Philly Slang: From Jawn to Youse

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The city of Philadelphia prides itself on being a little bit out there. From the food we eat to the ways we celebrate to, most notably, the way we talk, Philly locals aren’t exactly known for blending in. In a city of creativity and individuality, it seems only natural that we Philadelphians would have invented a language of our own. While Philly slang isn’t recognized as the prettiest dialect in America, it’s ours and no one can take it away from us (not that they want to).

That being said, if Philly is on your list of potential destinations, make sure to brush up on the more popular Philadelphia slang terms before your visit. Learn the lingo, it just might enrich your visit.

We made youse a list just in case:


Illuminated light display that says 'Jawn'
Some holiday jawn

Here a jawn, there a jawn, everywhere a jawn jawn. Think Schoolhouse Rock “a noun is a person, place or thing,” but replace ‘noun’ with ‘jawn.’ A jawn can be pretty much anything from a nondescript person to an inanimate object. It could also refer to an event or location. So, like we said—pretty much anything.

Read more about the meaning of jawn.


Water ice in cup
Wooder ice

You know, the stuff that comes out the tap? No, we’re not pronouncing it wrong and if you say different, you’re gonna be in some hot wooder, pal. Or iced and in a paper cone, if that’s what you prefer. Wooder ice is certainly popular!

Down the shore

Wooden boards leading to the beach
Downtheshore (photo: EQRoy/Shutterstock)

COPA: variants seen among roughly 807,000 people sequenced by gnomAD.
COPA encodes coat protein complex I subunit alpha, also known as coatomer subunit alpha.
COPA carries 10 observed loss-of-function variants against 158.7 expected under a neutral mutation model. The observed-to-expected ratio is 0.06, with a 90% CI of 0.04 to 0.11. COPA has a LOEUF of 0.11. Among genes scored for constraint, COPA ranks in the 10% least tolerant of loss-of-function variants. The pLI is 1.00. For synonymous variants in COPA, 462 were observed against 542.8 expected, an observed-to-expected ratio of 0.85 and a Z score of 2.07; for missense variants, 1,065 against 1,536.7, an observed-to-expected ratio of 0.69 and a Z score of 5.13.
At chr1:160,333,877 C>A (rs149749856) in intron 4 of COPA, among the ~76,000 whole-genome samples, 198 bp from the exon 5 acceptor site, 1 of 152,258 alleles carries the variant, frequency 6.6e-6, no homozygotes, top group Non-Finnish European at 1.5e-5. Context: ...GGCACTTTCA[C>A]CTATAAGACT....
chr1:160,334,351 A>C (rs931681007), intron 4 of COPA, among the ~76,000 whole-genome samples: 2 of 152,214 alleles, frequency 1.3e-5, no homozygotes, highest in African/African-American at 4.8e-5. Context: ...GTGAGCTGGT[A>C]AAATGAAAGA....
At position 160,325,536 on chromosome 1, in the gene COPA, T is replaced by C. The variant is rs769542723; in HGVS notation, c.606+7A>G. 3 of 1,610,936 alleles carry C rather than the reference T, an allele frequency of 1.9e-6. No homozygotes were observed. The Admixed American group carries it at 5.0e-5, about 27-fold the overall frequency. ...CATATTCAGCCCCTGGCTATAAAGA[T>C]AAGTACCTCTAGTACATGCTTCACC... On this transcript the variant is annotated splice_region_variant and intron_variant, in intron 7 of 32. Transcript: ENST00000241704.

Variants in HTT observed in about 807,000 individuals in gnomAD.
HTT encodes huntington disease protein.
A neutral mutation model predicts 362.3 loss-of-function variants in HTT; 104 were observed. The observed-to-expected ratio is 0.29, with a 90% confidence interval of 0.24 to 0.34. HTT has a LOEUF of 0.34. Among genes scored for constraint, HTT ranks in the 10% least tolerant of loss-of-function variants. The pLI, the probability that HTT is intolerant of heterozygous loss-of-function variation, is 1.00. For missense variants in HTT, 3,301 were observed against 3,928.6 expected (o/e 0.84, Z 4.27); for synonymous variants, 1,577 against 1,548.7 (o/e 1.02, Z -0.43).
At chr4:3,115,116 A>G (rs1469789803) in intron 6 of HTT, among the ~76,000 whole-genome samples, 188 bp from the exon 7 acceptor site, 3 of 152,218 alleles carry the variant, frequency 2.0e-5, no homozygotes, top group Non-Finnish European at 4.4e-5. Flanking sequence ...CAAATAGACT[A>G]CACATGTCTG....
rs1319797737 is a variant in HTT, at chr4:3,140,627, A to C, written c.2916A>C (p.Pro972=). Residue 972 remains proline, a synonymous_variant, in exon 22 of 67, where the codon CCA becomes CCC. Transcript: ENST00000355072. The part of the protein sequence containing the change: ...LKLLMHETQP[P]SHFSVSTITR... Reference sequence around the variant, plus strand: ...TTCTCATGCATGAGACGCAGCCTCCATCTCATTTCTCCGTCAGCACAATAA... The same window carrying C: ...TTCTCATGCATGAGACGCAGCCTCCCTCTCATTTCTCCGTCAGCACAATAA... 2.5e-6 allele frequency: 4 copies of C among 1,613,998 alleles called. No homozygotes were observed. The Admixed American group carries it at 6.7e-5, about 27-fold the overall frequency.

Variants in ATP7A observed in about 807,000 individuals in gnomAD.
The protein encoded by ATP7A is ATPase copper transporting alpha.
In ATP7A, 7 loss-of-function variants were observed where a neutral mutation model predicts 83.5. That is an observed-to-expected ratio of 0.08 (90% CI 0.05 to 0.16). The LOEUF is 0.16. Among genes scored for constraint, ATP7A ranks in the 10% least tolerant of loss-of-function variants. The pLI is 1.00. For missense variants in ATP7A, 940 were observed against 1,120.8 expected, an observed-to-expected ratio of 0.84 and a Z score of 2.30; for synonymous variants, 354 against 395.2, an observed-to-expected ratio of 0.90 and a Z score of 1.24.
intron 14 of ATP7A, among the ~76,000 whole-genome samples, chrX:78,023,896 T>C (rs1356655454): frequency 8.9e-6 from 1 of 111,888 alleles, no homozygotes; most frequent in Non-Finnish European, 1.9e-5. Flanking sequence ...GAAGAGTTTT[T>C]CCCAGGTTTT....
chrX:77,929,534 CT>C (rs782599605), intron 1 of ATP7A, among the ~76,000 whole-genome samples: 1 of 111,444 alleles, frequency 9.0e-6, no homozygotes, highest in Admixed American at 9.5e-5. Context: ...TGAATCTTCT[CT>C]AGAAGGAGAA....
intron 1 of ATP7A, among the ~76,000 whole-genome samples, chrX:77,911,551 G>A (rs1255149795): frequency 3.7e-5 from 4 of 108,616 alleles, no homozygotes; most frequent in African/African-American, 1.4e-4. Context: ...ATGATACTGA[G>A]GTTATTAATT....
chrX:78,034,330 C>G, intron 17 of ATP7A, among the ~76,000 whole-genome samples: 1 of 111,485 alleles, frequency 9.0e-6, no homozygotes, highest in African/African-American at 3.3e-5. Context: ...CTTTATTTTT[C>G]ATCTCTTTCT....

Once the weather gets hot and the schools are no longer in session, the great migration to the Jersey beaches is sure to follow. But we’re not going ‘to the beach,’ we’re going down the shore. No, not ‘down to the shore,’ ‘Downtheshore.’ Sometimes three words, sometimes one.


Wawa Italian hoagie sandwich with cold cuts, lettuce, and tomato on a Wawa wrapper
Wawa hoagie for the shore

On the way down the shore, many a jawn will incorporate a Wawa trip into their journey. Every culture has a different name for two pieces of bread with a mix of stuff in between. In Philly, we call this delicacy a ‘hoagie.’ Not a sub or a hero. HOAGIE.

The Linc

If you’re tailgating, you’re tailgating at the Linc. Short for Lincoln Financial Field, this Philly institution is where igles (Philly slang for Eagles) come to fly. If you’re not screaming “Go Birds” at the top of your lungs while stuffing your face with a Philly pretzel, get outta here! 


Well, did you?? Here in Philly, we don’t waste our breath. If three words can be mushed into a single syllable, all the more efficient. ‘Jeet’ is simply a faster way to ask, “Did you eat?” Work smarter, not harder. 


As in, “This jabroni thinks he’s hot stuff because he moved to the Main Line.” A jabroni is a poser or someone who talks the talk but could never walk the walk. Don’t be a jabroni.

Wiz wit

Cheesesteak on plate
A Dalessandro’s steak wiz wit

Obviously, you can’t talk about Philly without talking about cheesesteaks. A classic Philly cheesesteak is smothered in none other than Cheese Whiz. If you go up to the counter at Max’s or Dalessandro’s you’ll get your steak with wiz. Then you need to distinguish between a steak with or without onions, you’re either going to ask for a wiz wit or a wiz witout.